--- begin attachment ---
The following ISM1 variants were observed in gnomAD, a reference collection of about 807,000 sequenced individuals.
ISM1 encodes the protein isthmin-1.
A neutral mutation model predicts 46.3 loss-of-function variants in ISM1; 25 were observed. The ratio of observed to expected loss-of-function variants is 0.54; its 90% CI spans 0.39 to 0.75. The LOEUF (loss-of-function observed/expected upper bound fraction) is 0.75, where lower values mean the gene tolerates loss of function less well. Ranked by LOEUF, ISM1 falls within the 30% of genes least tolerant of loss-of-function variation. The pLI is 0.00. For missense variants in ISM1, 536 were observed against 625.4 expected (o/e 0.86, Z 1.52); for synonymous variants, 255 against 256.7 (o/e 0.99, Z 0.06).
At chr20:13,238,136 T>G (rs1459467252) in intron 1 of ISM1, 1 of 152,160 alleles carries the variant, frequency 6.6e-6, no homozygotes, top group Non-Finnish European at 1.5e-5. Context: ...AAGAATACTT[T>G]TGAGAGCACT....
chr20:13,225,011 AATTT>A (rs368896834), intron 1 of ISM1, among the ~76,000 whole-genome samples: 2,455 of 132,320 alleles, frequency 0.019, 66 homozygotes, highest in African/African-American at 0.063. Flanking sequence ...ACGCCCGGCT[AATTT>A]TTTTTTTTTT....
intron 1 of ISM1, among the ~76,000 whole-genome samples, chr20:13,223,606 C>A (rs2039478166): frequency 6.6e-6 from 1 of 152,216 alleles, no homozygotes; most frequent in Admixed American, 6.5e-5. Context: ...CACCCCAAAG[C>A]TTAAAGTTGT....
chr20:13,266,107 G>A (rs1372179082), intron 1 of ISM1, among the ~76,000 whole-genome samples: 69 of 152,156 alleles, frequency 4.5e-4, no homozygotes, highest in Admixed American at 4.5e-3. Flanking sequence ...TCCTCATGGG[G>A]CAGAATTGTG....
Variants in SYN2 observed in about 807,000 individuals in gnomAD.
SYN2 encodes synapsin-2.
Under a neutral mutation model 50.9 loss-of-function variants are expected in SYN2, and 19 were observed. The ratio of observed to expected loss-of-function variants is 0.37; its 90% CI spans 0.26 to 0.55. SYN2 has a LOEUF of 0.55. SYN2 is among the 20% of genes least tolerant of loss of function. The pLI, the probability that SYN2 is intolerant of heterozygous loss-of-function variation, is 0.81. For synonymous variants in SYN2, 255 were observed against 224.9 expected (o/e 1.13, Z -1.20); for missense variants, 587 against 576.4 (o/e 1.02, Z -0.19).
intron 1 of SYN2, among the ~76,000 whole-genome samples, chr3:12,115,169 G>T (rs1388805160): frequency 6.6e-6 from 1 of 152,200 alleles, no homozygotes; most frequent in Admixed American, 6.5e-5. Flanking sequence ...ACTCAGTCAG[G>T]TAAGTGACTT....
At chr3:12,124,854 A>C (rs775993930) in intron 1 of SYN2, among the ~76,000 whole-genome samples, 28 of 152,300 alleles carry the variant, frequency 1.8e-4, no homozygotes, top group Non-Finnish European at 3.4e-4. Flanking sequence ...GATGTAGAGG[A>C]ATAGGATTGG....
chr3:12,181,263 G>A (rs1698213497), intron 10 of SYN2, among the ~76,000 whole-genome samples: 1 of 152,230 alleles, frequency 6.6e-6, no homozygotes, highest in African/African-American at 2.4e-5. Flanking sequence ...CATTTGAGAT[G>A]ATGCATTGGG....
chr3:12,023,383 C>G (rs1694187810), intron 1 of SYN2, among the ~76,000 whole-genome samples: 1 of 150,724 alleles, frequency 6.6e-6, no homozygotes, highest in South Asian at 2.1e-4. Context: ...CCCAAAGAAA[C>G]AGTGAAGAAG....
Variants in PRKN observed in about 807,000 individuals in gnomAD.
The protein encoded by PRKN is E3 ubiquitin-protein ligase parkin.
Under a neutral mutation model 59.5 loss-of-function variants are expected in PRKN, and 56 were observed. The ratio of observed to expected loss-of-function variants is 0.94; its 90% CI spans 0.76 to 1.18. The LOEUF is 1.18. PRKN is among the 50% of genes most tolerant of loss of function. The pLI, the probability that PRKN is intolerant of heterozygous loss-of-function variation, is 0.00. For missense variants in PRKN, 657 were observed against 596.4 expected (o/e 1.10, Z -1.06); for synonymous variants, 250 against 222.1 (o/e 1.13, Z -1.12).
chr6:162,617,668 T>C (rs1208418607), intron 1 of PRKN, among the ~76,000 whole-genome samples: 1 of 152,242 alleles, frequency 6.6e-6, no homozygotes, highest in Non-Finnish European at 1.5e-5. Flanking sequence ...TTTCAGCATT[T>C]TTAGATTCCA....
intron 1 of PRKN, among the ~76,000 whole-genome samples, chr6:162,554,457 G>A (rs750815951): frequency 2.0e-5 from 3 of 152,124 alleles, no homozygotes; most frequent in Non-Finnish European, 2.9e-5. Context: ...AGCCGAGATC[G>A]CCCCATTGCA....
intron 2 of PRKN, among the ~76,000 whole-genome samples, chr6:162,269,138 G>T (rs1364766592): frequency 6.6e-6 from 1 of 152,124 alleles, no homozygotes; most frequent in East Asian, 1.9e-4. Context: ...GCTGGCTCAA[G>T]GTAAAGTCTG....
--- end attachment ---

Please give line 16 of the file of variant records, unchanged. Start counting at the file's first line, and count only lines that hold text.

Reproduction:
The protein encoded by PRKN is E3 ubiquitin-protein ligase parkin.